future. and try to -- we had 13,that pal over the state and trying to find an economic vision for the state county by county. how do we become more pro- business? we heard people wanted to -- safety and more pro-business and less red tape and access to capital. it wanted a good education system. it is training so businesses can get the right workers. it is best known for its ski resorts and quality of life. the real challenge we have been working on in turning this thing around is to say, how do we become the most pro-business state? california will be more pro- business. oregon will be more pro- business. how to create that competition to be the most pro-business state but to hold ourselves to higher standards.
we want to be the best of being pro-business. that focus, trying to get the partisanship to -- our legislators and state voters are one-third independent, republican and democrat and our legislature is almost evenly divided. if we pass our budget last week with 94 of 100 boats. i think we have been successful and beginning to get past the partisanship. this time to quit playing games and finding compromises. >> other specific things you were trying to do to make colorado more business friendly? >> we have efforts in every single agency of state government to cut specific regulations and red tape. we thought fracking was such a big deal. we have a huge amount of natural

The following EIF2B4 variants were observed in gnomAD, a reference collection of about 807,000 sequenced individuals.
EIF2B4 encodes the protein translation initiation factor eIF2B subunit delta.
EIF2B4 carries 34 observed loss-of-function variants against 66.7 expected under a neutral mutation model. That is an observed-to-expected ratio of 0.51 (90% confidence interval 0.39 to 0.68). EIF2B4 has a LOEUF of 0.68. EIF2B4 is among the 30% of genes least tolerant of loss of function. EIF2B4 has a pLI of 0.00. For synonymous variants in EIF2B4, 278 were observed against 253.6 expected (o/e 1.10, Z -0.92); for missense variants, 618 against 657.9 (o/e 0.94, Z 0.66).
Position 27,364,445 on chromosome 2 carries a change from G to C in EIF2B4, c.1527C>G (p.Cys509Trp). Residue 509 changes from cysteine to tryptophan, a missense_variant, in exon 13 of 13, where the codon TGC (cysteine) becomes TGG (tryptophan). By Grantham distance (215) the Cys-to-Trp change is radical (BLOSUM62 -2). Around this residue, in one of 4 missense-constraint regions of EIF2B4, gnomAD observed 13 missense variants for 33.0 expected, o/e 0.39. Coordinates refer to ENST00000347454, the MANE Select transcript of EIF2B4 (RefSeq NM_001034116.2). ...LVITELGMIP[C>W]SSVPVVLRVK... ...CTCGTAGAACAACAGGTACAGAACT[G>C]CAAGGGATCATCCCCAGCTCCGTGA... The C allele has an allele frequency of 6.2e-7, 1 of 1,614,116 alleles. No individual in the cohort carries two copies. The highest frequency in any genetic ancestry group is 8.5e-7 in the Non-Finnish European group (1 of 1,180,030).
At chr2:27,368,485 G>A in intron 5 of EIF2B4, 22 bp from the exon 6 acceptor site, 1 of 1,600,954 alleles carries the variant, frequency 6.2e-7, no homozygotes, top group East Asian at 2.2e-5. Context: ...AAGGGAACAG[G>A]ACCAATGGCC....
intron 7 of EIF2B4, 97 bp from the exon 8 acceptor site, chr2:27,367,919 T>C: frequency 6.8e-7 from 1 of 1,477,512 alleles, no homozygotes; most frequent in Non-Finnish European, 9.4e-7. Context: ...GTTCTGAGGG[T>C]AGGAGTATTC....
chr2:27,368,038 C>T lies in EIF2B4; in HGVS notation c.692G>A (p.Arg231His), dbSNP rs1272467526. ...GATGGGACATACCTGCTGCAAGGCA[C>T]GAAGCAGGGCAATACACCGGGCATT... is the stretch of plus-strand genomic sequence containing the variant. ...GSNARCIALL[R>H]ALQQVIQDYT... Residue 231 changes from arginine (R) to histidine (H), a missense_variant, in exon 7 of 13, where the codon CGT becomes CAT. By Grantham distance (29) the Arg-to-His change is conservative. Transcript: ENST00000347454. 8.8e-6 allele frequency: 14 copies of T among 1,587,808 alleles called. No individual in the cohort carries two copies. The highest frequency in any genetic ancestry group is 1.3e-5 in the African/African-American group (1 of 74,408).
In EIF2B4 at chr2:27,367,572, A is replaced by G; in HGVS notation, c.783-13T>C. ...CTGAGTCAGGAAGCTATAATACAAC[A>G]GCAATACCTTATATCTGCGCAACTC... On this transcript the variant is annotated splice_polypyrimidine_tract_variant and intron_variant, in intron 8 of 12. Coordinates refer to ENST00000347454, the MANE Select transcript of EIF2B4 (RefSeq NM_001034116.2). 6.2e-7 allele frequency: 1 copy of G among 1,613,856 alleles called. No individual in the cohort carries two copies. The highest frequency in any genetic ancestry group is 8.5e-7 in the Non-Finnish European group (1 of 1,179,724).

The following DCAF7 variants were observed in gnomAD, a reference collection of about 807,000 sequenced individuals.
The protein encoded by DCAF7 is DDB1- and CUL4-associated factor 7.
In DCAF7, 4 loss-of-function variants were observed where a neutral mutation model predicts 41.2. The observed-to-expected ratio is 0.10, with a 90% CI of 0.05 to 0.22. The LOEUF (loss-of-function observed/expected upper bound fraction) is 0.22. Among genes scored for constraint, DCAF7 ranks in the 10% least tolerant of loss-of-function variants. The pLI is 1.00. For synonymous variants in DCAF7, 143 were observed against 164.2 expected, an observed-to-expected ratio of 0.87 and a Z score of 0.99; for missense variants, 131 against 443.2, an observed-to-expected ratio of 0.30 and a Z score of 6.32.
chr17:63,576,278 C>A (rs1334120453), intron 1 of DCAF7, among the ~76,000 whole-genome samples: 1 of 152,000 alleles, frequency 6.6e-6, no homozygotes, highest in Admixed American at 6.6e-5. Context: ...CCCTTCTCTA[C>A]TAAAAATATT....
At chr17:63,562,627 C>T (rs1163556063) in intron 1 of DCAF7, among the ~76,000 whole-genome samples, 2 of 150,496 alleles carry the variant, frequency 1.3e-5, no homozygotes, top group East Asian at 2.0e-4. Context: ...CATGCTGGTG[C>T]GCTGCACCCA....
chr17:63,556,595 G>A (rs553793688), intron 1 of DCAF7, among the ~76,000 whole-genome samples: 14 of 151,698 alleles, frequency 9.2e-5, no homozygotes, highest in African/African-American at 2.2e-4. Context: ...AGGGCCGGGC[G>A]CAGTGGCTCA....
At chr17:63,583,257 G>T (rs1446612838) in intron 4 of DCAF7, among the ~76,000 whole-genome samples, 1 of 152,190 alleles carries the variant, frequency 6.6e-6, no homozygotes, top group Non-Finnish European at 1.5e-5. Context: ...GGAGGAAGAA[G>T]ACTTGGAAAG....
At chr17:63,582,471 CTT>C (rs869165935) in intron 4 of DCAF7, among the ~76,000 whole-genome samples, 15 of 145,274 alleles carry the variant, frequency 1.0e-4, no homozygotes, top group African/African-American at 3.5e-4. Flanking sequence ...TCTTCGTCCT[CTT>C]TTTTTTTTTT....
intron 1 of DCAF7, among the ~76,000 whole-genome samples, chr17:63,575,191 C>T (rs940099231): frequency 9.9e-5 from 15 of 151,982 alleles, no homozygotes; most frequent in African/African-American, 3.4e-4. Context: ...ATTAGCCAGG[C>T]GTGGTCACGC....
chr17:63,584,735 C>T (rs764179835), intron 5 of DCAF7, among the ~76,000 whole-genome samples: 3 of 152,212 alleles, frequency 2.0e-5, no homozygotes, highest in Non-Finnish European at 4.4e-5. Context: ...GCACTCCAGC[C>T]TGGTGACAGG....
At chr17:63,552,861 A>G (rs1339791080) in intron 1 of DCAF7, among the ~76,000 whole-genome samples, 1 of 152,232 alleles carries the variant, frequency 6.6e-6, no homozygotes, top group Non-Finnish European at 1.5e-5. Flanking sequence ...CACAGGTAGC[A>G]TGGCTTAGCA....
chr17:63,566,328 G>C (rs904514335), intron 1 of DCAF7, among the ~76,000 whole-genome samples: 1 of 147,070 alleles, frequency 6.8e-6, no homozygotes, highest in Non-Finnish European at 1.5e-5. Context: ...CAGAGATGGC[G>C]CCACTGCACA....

gas. horizontal drilling and fracking, natural gas has great potential benefits. much cleaner than coal. it is $1.75 per gallon equivalent to less-expensive. it keeps jobs here and does not send billions of dollars to a dictatorship. there is fear about what happens and we sat down with halliburton and the oil and gas services companies. we understand they have trade secrets. we showed what the ingredients are and it took a six months but we got the environmental defense fund to claim victory and have halliburton claim victory. here is a transparency, set of regulations that will protect the public and settle down all the hysteria and kirk -- furor about fracking. i did it when i was a kid diyala this.
how do we get past that fear and uncertainty and create some sort of predictability to business needs? that became a symbol for our issues. to find the appropriate compromise so we can get on to the next problem. >> would you like to bring us up-to-date on california? maybe give us a sneak preview of the may revise briefly. >> where selling bonds and we're not disclosing materials between now and then. we just have to wait. it will be interesting. that i promise you. the basic fact is california increased its production of wealth, the state of 38 million people and all businesses. the economy is somewhat under $2 trillion.